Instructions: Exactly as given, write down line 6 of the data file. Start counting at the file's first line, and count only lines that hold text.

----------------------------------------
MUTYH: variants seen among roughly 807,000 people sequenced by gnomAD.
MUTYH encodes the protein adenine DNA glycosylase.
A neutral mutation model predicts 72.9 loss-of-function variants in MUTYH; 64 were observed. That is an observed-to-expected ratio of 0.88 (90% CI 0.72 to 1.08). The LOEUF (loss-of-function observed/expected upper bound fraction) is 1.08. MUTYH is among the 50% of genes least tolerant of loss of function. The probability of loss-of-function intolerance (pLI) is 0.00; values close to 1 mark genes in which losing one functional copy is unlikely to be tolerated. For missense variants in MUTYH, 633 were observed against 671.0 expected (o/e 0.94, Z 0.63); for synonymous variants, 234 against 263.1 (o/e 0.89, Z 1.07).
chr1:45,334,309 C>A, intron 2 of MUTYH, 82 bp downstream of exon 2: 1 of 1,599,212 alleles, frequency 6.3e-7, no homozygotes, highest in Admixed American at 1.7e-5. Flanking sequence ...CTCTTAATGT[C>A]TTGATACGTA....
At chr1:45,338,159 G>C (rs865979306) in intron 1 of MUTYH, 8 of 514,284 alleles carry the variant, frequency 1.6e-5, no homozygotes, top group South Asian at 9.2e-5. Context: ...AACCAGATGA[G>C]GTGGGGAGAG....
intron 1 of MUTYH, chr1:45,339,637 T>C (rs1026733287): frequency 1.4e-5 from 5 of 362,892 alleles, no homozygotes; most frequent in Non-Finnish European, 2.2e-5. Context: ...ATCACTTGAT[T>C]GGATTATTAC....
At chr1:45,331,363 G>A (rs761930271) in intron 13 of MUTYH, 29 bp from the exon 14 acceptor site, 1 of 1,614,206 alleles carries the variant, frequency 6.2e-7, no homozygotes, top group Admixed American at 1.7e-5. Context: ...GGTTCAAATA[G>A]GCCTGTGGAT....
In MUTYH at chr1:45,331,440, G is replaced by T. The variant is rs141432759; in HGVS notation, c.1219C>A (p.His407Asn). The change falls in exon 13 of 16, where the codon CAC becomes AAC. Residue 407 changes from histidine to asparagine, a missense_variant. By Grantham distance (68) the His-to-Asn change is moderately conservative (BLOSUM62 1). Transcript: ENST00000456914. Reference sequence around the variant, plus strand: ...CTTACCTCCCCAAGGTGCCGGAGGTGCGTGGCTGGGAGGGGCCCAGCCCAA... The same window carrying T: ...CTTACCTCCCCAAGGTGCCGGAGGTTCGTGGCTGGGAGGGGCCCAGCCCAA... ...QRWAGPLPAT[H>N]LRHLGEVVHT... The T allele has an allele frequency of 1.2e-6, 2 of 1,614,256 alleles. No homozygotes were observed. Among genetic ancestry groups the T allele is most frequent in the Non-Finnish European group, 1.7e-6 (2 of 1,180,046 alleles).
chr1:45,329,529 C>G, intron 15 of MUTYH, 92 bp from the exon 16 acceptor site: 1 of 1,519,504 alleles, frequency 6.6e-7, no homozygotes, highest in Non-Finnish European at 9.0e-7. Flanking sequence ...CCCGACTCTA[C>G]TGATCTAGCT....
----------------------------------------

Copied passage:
intron 1 of MUTYH, chr1:45,339,637 T>C (rs1026733287): frequency 1.4e-5 from 5 of 362,892 alleles, no homozygotes; most frequent in Non-Finnish European, 2.2e-5. Context: ...ATCACTTGAT[T>C]GGATTATTAC....